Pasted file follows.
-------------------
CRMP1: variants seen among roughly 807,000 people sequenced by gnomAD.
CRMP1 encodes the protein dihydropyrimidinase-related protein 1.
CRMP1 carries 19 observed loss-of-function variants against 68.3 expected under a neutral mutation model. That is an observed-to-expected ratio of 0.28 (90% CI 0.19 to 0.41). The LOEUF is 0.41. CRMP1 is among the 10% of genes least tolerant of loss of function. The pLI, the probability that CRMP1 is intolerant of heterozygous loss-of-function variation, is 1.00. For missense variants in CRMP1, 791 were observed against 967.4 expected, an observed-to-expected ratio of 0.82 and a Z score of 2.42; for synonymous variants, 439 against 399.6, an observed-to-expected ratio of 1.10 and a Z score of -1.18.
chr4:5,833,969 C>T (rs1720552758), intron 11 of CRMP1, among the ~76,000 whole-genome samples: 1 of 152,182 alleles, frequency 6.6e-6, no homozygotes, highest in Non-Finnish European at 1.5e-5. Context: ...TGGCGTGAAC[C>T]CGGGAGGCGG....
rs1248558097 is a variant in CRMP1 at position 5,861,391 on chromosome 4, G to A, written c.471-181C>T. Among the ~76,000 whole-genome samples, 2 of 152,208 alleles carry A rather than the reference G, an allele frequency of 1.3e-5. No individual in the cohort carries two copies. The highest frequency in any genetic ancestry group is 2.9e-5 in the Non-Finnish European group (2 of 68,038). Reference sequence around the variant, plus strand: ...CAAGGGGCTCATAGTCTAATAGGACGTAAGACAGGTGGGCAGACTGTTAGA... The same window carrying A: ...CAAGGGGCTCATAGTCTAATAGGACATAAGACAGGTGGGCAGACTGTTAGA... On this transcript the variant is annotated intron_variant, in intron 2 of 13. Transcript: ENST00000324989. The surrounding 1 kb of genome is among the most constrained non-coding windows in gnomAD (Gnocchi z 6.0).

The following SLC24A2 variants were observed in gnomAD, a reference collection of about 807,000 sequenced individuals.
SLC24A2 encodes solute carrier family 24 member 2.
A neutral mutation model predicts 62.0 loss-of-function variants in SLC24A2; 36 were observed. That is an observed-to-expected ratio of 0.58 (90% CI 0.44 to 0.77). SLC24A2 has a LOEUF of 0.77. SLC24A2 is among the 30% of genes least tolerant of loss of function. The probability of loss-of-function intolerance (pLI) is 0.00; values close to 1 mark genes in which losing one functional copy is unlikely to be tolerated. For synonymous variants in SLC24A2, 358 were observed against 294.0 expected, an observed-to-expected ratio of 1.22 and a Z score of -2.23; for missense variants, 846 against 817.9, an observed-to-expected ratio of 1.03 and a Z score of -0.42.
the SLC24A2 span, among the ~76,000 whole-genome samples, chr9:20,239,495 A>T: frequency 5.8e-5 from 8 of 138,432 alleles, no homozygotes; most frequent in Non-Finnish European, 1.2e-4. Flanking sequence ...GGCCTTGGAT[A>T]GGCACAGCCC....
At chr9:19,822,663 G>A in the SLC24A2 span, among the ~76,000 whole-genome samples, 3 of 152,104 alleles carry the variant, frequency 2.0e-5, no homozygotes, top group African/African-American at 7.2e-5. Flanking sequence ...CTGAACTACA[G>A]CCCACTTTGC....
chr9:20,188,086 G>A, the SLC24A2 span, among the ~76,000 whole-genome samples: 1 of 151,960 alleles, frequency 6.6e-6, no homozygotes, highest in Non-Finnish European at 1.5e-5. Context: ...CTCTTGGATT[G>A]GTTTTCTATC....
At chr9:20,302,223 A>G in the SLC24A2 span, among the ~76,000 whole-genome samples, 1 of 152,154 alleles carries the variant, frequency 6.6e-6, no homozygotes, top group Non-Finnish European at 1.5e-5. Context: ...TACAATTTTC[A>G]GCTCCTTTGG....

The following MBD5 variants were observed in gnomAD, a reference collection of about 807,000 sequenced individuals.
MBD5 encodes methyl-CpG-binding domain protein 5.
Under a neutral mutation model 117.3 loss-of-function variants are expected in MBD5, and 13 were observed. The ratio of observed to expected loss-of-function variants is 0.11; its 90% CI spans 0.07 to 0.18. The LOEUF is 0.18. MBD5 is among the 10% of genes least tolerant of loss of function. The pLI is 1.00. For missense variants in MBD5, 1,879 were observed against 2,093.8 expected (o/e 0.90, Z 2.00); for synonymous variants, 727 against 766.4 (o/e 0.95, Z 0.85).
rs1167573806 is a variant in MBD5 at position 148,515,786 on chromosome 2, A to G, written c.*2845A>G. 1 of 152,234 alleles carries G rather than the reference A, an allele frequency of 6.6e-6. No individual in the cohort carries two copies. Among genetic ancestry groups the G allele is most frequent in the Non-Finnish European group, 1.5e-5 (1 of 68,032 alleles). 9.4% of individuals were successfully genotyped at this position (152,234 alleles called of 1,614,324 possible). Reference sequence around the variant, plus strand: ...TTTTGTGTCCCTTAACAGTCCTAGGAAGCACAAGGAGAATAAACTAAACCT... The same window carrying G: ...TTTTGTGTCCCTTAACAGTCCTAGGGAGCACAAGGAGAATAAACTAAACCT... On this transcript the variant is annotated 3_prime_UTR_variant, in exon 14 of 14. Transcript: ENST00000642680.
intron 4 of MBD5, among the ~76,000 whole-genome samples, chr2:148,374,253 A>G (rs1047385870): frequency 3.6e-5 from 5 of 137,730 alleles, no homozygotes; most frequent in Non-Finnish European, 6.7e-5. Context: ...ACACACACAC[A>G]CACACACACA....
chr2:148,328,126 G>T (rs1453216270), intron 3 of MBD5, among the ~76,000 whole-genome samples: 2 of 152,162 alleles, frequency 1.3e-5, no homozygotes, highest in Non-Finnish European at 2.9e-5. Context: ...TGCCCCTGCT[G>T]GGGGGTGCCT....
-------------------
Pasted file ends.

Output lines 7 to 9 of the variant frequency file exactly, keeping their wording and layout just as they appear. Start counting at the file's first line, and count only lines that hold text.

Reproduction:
SLC24A2 encodes solute carrier family 24 member 2.
A neutral mutation model predicts 62.0 loss-of-function variants in SLC24A2; 36 were observed. That is an observed-to-expected ratio of 0.58 (90% CI 0.44 to 0.77). SLC24A2 has a LOEUF of 0.77. SLC24A2 is among the 30% of genes least tolerant of loss of function. The probability of loss-of-function intolerance (pLI) is 0.00; values close to 1 mark genes in which losing one functional copy is unlikely to be tolerated. For synonymous variants in SLC24A2, 358 were observed against 294.0 expected, an observed-to-expected ratio of 1.22 and a Z score of -2.23; for missense variants, 846 against 817.9, an observed-to-expected ratio of 1.03 and a Z score of -0.42.
the SLC24A2 span, among the ~76,000 whole-genome samples, chr9:20,239,495 A>T: frequency 5.8e-5 from 8 of 138,432 alleles, no homozygotes; most frequent in Non-Finnish European, 1.2e-4. Flanking sequence ...GGCCTTGGAT[A>T]GGCACAGCCC....